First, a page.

I know a couple algo’s for convex hull, but they involve stuff like line sweep etc (which I dont mind but still.)

I was thinking of this algorithm, I dont know if this is a standard algorithm or not, I just came up with it. Can someone validate its feasibility (when it comes to computational geometry I’m never sure)

Sort the given points from left to right (increasing x coordinate).

Now maintain a stack of points. We say the points a,b,c are *counterclockwise* if \angle abc is positive (ccw angle is positive) and *clockwise* otherwise.

At any moment, let t denote the top of the stack, and s the second-top point. Let c denote the point under consideration.

We first push the leftmost point on to the stack.

Now traverse the sorted points from left to right. At any moment,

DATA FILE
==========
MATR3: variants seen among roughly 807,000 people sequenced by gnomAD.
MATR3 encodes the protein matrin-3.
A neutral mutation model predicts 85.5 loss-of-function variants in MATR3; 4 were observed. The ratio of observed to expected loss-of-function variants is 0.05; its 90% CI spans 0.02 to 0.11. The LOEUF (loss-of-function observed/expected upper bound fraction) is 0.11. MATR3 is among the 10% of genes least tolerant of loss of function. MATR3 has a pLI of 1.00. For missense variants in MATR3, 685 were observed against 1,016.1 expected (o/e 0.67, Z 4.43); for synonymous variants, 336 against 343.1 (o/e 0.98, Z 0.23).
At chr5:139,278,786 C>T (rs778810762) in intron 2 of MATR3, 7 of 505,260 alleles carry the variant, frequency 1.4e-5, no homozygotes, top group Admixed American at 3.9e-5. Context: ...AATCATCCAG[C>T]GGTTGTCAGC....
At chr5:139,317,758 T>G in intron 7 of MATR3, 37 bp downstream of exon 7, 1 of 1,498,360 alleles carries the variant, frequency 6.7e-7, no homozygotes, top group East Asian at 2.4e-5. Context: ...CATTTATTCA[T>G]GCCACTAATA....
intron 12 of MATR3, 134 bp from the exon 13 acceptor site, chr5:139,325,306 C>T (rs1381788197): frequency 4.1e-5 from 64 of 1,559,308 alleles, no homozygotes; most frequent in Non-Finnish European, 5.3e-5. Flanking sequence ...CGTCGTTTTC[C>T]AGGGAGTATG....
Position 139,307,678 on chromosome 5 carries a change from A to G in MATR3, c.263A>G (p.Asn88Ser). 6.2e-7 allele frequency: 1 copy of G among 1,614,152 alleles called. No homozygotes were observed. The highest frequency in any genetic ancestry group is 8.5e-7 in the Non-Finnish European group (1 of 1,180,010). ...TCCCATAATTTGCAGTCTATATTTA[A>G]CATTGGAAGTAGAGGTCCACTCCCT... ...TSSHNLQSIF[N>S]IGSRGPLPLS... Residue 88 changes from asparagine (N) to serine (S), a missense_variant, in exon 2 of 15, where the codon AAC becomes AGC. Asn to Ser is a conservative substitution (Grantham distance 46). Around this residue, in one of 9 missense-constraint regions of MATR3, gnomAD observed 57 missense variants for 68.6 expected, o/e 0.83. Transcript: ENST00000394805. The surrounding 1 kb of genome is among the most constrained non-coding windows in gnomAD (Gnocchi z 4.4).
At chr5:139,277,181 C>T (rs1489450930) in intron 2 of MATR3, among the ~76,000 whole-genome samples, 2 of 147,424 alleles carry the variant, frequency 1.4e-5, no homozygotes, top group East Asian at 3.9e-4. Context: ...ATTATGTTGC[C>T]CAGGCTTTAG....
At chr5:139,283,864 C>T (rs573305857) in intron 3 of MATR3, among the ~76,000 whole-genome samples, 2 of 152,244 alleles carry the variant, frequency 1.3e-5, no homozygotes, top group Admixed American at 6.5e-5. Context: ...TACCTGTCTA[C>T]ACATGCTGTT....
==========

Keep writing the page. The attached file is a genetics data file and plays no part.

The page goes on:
- If \angle stc is counterclockwise (or neither), push c onto the stack (or if the stack has only one point).
- Otherwise, pop points off the stack until \angle stc is counterclockwise and then push c.

Now repeat the above but with clockwise instead of counterclockwise. The two stacks obtained are the lower and upper hulls of the point set, and the have two common points (the leftmost point is the first point of both, and the rightmost point is the last point of both).

Now we can merge the counterclockwise one to the reverse of the clockwise hull to get the *overall counterclockwise oriented convex hull*.

Is the above algorithm correct?

Q2 : And how can I make convex hull dynamic?

Thanks

**Edit: ** There seems to be a Graham’s scan algorithm which is the same as this it seems.

Though, how can I make it online/dynamic?